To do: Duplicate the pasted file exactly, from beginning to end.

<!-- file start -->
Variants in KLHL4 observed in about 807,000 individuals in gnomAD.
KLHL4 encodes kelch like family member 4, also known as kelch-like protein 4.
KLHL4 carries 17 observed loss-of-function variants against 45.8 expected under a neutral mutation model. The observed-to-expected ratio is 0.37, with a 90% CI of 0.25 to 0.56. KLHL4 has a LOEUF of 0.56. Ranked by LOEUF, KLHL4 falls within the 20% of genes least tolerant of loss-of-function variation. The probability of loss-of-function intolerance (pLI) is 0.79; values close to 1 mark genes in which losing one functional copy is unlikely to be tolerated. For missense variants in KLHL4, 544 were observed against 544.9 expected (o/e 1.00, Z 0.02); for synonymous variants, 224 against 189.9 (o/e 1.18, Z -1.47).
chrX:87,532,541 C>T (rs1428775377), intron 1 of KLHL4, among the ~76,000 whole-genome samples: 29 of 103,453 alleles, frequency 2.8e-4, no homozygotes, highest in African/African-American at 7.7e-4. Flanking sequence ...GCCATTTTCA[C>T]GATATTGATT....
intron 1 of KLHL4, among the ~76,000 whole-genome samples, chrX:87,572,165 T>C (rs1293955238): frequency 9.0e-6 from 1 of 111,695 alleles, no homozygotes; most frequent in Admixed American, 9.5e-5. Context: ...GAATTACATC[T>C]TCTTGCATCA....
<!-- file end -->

Variants in KLHL4 observed in about 807,000 individuals in gnomAD.
KLHL4 encodes kelch like family member 4, also known as kelch-like protein 4.
KLHL4 carries 17 observed loss-of-function variants against 45.8 expected under a neutral mutation model. The observed-to-expected ratio is 0.37, with a 90% CI of 0.25 to 0.56. KLHL4 has a LOEUF of 0.56. Ranked by LOEUF, KLHL4 falls within the 20% of genes least tolerant of loss-of-function variation. The probability of loss-of-function intolerance (pLI) is 0.79; values close to 1 mark genes in which losing one functional copy is unlikely to be tolerated. For missense variants in KLHL4, 544 were observed against 544.9 expected (o/e 1.00, Z 0.02); for synonymous variants, 224 against 189.9 (o/e 1.18, Z -1.47).
chrX:87,532,541 C>T (rs1428775377), intron 1 of KLHL4, among the ~76,000 whole-genome samples: 29 of 103,453 alleles, frequency 2.8e-4, no homozygotes, highest in African/African-American at 7.7e-4. Flanking sequence ...GCCATTTTCA[C>T]GATATTGATT....
intron 1 of KLHL4, among the ~76,000 whole-genome samples, chrX:87,572,165 T>C (rs1293955238): frequency 9.0e-6 from 1 of 111,695 alleles, no homozygotes; most frequent in Admixed American, 9.5e-5. Context: ...GAATTACATC[T>C]TCTTGCATCA....